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What Is an APU? A Basic Definition

AMD created APU (accelerated processing unit) processors in 2011. They refer to AMD CPUs that have integrated graphics. While these processors weren’t the first to accommodate integrated graphics, they did add the ability to game at an appropriate frame rate and resolution.

Llano was the the name of the first generation of AMD APUs. The current generation is called Picasso and is the successor to Raven Ridge; although AMD has moved away from using the term APU in its branding.

Raven Ridge APUs have CPU cores built on the AMD's Zen architecture, plus AMD's Radeon Vega graphics technology and allow for strong gaming at 720p and acceptable gaming at 1080p with the right settings.

The new Picasso APUs (U-series and H-series) were announced in January. The U-series Picasso APUs also have Vega graphics but Zen+ CPU cores. They're supposed to have 8% better CPU and GPU performance than Raven Ridge. The Picasso H-series APUs are similar to the U-series but with a higher TDP, which lets the processor part of the component boost more frequently and for longer.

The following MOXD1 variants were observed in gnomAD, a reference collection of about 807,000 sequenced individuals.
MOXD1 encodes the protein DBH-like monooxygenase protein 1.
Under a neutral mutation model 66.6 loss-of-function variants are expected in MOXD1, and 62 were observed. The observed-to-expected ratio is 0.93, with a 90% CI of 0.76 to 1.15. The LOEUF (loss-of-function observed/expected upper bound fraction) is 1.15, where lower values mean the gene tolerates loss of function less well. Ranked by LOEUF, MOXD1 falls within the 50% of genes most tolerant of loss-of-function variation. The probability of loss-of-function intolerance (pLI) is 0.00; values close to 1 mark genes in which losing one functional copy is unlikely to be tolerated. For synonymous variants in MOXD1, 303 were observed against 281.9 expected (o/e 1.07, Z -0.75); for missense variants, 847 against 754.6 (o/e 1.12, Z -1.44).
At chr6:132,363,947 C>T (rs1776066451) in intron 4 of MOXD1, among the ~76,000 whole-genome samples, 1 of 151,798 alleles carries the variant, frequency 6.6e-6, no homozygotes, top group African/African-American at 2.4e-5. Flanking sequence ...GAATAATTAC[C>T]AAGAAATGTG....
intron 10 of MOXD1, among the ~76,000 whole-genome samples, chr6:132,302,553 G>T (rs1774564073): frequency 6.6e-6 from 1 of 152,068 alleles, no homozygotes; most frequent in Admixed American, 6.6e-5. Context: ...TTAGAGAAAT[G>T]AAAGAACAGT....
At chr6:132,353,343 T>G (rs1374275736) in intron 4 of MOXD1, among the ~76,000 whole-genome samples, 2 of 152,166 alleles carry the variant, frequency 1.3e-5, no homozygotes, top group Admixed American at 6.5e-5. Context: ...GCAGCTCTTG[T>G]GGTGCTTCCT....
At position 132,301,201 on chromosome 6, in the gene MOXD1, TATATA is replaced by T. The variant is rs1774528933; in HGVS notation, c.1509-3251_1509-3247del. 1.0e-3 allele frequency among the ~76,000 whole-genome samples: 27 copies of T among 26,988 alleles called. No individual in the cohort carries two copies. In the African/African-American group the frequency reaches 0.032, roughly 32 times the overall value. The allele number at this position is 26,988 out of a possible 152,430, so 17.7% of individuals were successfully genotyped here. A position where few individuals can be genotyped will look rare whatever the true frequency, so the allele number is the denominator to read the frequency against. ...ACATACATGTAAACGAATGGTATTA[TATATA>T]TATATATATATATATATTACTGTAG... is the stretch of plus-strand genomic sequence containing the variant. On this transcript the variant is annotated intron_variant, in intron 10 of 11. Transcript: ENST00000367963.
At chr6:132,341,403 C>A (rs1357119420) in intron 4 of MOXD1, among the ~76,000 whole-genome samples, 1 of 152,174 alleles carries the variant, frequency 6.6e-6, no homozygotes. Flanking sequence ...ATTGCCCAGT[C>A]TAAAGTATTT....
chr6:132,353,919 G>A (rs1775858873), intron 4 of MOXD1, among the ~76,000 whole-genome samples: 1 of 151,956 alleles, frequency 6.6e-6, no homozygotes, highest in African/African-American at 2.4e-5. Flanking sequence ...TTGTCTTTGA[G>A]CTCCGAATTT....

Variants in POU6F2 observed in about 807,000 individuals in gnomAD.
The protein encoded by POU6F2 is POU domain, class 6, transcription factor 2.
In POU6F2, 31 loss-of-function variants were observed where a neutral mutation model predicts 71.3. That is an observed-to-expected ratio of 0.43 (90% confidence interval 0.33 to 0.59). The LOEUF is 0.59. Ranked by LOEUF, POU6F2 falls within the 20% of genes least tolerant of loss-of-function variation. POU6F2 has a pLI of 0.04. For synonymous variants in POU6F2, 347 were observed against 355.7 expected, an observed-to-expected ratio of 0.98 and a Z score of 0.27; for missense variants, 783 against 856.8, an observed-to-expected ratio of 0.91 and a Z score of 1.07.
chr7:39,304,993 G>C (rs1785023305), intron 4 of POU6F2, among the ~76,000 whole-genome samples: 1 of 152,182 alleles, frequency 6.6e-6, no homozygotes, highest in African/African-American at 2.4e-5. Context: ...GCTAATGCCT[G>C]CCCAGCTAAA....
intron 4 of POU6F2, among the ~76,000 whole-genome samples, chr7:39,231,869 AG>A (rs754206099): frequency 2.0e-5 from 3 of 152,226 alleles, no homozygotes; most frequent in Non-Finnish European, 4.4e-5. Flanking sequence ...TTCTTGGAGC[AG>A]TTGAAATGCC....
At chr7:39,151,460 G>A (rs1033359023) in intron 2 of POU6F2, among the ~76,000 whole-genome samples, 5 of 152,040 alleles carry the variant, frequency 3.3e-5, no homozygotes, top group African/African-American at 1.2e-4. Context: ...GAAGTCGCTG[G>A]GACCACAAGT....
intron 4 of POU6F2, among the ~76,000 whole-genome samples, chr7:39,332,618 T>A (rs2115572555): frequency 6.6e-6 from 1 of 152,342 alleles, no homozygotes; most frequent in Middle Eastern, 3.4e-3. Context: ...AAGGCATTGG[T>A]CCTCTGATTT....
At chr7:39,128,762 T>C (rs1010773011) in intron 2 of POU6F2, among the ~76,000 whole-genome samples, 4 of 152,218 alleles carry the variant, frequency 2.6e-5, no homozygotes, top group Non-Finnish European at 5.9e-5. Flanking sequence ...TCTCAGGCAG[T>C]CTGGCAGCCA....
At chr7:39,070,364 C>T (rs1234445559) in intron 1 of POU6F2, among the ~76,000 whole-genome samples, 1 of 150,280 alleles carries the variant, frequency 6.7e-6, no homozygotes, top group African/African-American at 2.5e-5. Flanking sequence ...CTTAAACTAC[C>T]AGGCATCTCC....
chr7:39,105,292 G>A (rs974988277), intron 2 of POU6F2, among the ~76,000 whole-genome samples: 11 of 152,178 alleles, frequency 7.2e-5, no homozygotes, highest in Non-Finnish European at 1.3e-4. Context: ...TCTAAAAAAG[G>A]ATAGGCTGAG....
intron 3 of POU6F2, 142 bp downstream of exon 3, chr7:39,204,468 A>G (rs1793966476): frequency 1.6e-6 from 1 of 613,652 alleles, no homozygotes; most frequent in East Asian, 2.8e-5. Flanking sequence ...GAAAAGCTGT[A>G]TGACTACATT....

Upcoming AMD APUs: Renoir and Dali

AMD is expected to release two new APUs in 2020, codenamed Renoir and Dali; however, AMD hasn't confirmed this.

Renoir is rumored to be built with the 7nm manufacturing process with Zen 2 cores and Vega 10 graphics and be AMD's first chip to support LPDDR4X-4266 memory. It's expected to target both mobile (laptop) and desktop use cases.

Dali is expected to be a budget APU for mobile devices. It may be based on AMD's Raven Ridge architecture, so it's uncertain if it'll have Zen 2 cores 

This article is part of the Tom's Hardware Glossary.

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Scharon Harding has a special affinity for gaming peripherals (especially monitors), laptops and virtual reality. Previously, she covered business technology, including hardware, software, cyber security, cloud and other IT happenings, at Channelnomics, with bylines at CRN UK.